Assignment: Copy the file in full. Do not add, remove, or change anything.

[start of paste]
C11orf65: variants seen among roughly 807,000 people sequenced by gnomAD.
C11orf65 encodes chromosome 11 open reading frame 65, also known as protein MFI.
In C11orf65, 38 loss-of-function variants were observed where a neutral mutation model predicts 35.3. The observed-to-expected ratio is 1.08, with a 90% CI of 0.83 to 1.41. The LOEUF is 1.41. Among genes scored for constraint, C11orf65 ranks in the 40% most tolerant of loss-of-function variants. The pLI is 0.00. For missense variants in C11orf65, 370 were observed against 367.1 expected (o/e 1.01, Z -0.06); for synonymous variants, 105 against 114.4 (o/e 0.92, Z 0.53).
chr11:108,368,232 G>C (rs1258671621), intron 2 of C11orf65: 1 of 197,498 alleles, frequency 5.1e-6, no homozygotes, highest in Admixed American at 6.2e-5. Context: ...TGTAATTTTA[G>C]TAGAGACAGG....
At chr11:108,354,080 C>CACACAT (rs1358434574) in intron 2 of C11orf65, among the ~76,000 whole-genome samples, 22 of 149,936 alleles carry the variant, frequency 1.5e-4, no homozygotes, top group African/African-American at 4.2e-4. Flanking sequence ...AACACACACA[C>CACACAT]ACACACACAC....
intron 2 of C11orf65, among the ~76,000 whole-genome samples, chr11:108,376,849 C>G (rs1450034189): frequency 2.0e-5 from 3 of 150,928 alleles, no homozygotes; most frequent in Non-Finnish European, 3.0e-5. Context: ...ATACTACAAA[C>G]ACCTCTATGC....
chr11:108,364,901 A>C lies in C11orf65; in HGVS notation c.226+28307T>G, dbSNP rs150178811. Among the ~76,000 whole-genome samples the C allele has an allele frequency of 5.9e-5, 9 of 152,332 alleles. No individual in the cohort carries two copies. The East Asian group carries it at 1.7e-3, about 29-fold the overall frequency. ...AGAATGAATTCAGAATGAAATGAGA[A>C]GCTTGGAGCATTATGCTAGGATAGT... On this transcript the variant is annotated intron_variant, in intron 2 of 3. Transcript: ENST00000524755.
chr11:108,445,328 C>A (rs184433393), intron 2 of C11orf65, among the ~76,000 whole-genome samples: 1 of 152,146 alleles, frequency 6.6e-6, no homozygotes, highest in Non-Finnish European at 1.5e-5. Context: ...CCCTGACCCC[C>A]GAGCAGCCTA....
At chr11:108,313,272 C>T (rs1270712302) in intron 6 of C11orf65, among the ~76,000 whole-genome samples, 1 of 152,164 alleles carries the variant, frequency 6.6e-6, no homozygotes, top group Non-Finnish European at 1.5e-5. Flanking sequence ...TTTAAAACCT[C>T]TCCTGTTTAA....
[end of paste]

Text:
C11orf65: variants seen among roughly 807,000 people sequenced by gnomAD.
C11orf65 encodes chromosome 11 open reading frame 65, also known as protein MFI.
In C11orf65, 38 loss-of-function variants were observed where a neutral mutation model predicts 35.3. The observed-to-expected ratio is 1.08, with a 90% CI of 0.83 to 1.41. The LOEUF is 1.41. Among genes scored for constraint, C11orf65 ranks in the 40% most tolerant of loss-of-function variants. The pLI is 0.00. For missense variants in C11orf65, 370 were observed against 367.1 expected (o/e 1.01, Z -0.06); for synonymous variants, 105 against 114.4 (o/e 0.92, Z 0.53).
chr11:108,368,232 G>C (rs1258671621), intron 2 of C11orf65: 1 of 197,498 alleles, frequency 5.1e-6, no homozygotes, highest in Admixed American at 6.2e-5. Context: ...TGTAATTTTA[G>C]TAGAGACAGG....
At chr11:108,354,080 C>CACACAT (rs1358434574) in intron 2 of C11orf65, among the ~76,000 whole-genome samples, 22 of 149,936 alleles carry the variant, frequency 1.5e-4, no homozygotes, top group African/African-American at 4.2e-4. Flanking sequence ...AACACACACA[C>CACACAT]ACACACACAC....
intron 2 of C11orf65, among the ~76,000 whole-genome samples, chr11:108,376,849 C>G (rs1450034189): frequency 2.0e-5 from 3 of 150,928 alleles, no homozygotes; most frequent in Non-Finnish European, 3.0e-5. Context: ...ATACTACAAA[C>G]ACCTCTATGC....
chr11:108,364,901 A>C lies in C11orf65; in HGVS notation c.226+28307T>G, dbSNP rs150178811. Among the ~76,000 whole-genome samples the C allele has an allele frequency of 5.9e-5, 9 of 152,332 alleles. No individual in the cohort carries two copies. The East Asian group carries it at 1.7e-3, about 29-fold the overall frequency. ...AGAATGAATTCAGAATGAAATGAGA[A>C]GCTTGGAGCATTATGCTAGGATAGT... On this transcript the variant is annotated intron_variant, in intron 2 of 3. Transcript: ENST00000524755.
chr11:108,445,328 C>A (rs184433393), intron 2 of C11orf65, among the ~76,000 whole-genome samples: 1 of 152,146 alleles, frequency 6.6e-6, no homozygotes, highest in Non-Finnish European at 1.5e-5. Context: ...CCCTGACCCC[C>A]GAGCAGCCTA....
At chr11:108,313,272 C>T (rs1270712302) in intron 6 of C11orf65, among the ~76,000 whole-genome samples, 1 of 152,164 alleles carries the variant, frequency 6.6e-6, no homozygotes, top group Non-Finnish European at 1.5e-5. Flanking sequence ...TTTAAAACCT[C>T]TCCTGTTTAA....